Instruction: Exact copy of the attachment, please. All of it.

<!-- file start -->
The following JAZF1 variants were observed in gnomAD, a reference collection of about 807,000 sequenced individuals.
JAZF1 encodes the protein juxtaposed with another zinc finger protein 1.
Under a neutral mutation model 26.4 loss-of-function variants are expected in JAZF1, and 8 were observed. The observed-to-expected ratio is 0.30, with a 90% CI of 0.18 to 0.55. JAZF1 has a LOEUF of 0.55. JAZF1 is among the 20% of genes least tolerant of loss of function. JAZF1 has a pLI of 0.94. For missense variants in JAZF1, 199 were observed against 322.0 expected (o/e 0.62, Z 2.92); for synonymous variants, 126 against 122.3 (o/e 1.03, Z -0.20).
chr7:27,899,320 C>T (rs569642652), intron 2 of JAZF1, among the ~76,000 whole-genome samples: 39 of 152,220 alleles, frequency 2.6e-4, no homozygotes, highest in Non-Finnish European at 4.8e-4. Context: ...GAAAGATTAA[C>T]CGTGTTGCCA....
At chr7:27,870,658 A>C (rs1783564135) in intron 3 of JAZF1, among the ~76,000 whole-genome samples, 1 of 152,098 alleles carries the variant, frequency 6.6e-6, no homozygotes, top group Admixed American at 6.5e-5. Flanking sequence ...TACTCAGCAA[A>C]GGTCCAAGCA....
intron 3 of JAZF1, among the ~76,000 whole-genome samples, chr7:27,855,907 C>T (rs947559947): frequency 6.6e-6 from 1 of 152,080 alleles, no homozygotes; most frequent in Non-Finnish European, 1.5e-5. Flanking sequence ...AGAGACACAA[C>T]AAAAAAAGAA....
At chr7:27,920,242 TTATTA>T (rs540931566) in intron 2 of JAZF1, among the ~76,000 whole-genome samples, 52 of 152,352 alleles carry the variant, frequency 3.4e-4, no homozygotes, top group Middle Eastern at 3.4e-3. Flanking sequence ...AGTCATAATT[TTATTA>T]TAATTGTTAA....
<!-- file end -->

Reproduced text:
The following JAZF1 variants were observed in gnomAD, a reference collection of about 807,000 sequenced individuals.
JAZF1 encodes the protein juxtaposed with another zinc finger protein 1.
Under a neutral mutation model 26.4 loss-of-function variants are expected in JAZF1, and 8 were observed. The observed-to-expected ratio is 0.30, with a 90% CI of 0.18 to 0.55. JAZF1 has a LOEUF of 0.55. JAZF1 is among the 20% of genes least tolerant of loss of function. JAZF1 has a pLI of 0.94. For missense variants in JAZF1, 199 were observed against 322.0 expected (o/e 0.62, Z 2.92); for synonymous variants, 126 against 122.3 (o/e 1.03, Z -0.20).
chr7:27,899,320 C>T (rs569642652), intron 2 of JAZF1, among the ~76,000 whole-genome samples: 39 of 152,220 alleles, frequency 2.6e-4, no homozygotes, highest in Non-Finnish European at 4.8e-4. Context: ...GAAAGATTAA[C>T]CGTGTTGCCA....
At chr7:27,870,658 A>C (rs1783564135) in intron 3 of JAZF1, among the ~76,000 whole-genome samples, 1 of 152,098 alleles carries the variant, frequency 6.6e-6, no homozygotes, top group Admixed American at 6.5e-5. Flanking sequence ...TACTCAGCAA[A>C]GGTCCAAGCA....
intron 3 of JAZF1, among the ~76,000 whole-genome samples, chr7:27,855,907 C>T (rs947559947): frequency 6.6e-6 from 1 of 152,080 alleles, no homozygotes; most frequent in Non-Finnish European, 1.5e-5. Flanking sequence ...AGAGACACAA[C>T]AAAAAAAGAA....
At chr7:27,920,242 TTATTA>T (rs540931566) in intron 2 of JAZF1, among the ~76,000 whole-genome samples, 52 of 152,352 alleles carry the variant, frequency 3.4e-4, no homozygotes, top group Middle Eastern at 3.4e-3. Flanking sequence ...AGTCATAATT[TTATTA>T]TAATTGTTAA....